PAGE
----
Jamaica Plain’s Reverend Dr. Ray Hammond of Bethel AME Church will take part in the upcoming Cambridge Symphony Orchestra's (CSO) Heroes and Angels concert. Hammond will narrate the words of Dr. Martin Luther King, Jr. in a piece by composer Joseph Schwantner called New Morning for the World (“Daybreak of Freedom”).
CSO Music Director Cynthia Woods selected New Morning for the World along with the other works on the program, Nan Schwartz’s trumpet tone poem Angels Among Us and Jean Sibelius’ stirring Symphony No. 5 because they complement each other in various ways and remind us that we are creative beings surrounded by natural beauty.
In advance of the March 17 concert, Reverend Dr. Ray Hammond answered a few questions for Jamaica Plain News about his involvement in the program.
Q: How did you get involved with the Cambridge Symphony Orchestra?
Hammond: In the first instance, my involvement was the result of an invitation that came to me through Eron Hackshaw, a trustee of the orchestra, a friend, and one of the parishioners at Bethel AME Church, where I serve as the senior pastor. Eron knew that I couldn't say no; first, because of my deep respect for him. Second, I love symphonic music. I'm a former pianist, violinist, and violist who played in my high school orchestra and continues to love all kinds of music, including European classical music. Finally, I'm a student and ardent admirer of Dr. King as a preacher and as an architect and spokesperson for a civil and human rights movement that changed our world.
Q: Have you ever worked with an orchestra before as a narrator?
Hammond: I had the privilege of working with the Boston Landmarks Orchestra in August 2007 as the narrator of Larry Thomas Bell's "David and 'Old Ironsides," the true story of David DeBias, an African-American from Beacon Hill's North Slope community of freemen, who joined the ship's crew at the age of 8 and saw action in the War of 1812. I also narrated Swanee Hunt's "Witness Cantata" as part of its performance by the Landmarks Orchestra.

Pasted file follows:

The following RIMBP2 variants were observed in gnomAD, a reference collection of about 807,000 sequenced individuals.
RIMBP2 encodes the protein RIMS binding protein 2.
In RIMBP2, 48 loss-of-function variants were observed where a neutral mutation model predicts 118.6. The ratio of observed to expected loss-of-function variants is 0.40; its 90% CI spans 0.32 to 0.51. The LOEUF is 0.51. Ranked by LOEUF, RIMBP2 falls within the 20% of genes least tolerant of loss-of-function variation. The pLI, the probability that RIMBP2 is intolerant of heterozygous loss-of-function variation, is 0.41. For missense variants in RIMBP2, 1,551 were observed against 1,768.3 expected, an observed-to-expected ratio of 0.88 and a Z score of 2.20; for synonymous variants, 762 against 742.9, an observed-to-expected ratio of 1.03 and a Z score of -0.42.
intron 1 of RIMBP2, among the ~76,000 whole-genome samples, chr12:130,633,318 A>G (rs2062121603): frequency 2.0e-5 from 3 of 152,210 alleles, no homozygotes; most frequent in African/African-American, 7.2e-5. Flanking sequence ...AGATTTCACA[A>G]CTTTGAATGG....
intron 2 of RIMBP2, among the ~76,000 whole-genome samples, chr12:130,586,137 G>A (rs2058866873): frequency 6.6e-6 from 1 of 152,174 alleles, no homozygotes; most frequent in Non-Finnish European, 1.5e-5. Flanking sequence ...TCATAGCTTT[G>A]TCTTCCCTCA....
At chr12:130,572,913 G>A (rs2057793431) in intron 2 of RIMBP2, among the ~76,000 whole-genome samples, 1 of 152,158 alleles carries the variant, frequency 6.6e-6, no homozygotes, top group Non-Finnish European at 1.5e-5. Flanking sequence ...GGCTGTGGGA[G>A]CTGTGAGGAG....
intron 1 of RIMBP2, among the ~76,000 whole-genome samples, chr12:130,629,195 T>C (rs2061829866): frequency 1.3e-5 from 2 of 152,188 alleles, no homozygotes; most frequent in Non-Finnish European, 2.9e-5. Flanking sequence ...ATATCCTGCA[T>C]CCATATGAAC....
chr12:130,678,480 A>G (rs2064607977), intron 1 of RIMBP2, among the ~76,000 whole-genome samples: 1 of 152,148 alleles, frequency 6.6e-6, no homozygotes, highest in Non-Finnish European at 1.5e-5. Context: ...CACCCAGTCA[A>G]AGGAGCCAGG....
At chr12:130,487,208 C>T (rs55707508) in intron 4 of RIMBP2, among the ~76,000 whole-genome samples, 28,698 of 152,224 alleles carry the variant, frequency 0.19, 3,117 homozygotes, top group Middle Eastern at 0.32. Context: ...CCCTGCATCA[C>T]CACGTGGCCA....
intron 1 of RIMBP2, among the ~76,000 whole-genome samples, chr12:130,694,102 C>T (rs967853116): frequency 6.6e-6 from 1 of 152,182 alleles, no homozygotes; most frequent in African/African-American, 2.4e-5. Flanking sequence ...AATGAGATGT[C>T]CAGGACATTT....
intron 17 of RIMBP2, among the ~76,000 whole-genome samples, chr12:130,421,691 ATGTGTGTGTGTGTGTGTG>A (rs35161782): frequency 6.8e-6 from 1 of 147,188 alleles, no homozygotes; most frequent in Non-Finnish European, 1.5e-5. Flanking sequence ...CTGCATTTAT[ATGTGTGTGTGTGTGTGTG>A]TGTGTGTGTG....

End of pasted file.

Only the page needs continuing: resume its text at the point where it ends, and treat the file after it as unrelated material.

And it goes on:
Q: Why do you identify with Joseph Schwantner’s New Morning for the World?
Hammond: The music has a beautifully melodic, lyrical and soaring quality that is distinctly American and wonderfully hopeful. The words come from texts that I have heard and read and quoted time and again. I find those words resonating, not only in their historical context, but in our current atmosphere of polarization, incivility and resurgent hatred. Nonetheless, like the composer Schwantner and the "librettist" King I am ultimately hopeful.
Q: Do the excerpts pulled from Dr. Martin Luther King's speeches for this piece still resonate today?
Hammond: The short answer is that they all do. People are still tired of being humiliated and kicked about -- whether because of their race, class, gender, sexual identity, or immigration status -- and those people are rising up and making their voices heard. In our troubled country and world, now is the time to make the promise of democracy and justice (that rolls down like waters) a reality for all God's children. We are learning yet again as a nation that we cannot walk alone -- that our strength resides in our unity, not in our division.
We desperately need to hear and believe that truth pressed to the ground (even by thousands of lies and manipulated social media) will rise again; that the arc of the moral universe really does bend toward justice. We are still about the task of injecting meaning and dignity into the veins of civilization.
We still work on that (unfinished) dream of diminishing inequality, rising equity and opportunity, the abolishing of our inhumanity toward one another, and the flourishing of that human (Beloved) community. King drew from so many sources, added his own prophetic utterance, and bequeathed a legacy of truth that still challenges and encourages us.
The Cambridge Symphony Orchestra is presenting Heroes and Angels on Sunday, March 17 at 4 pm at MIT's Kresge Auditorium (48 Massachusetts Ave., Cambridge, MA 02139). For more info please visit cambridgesymphony.org.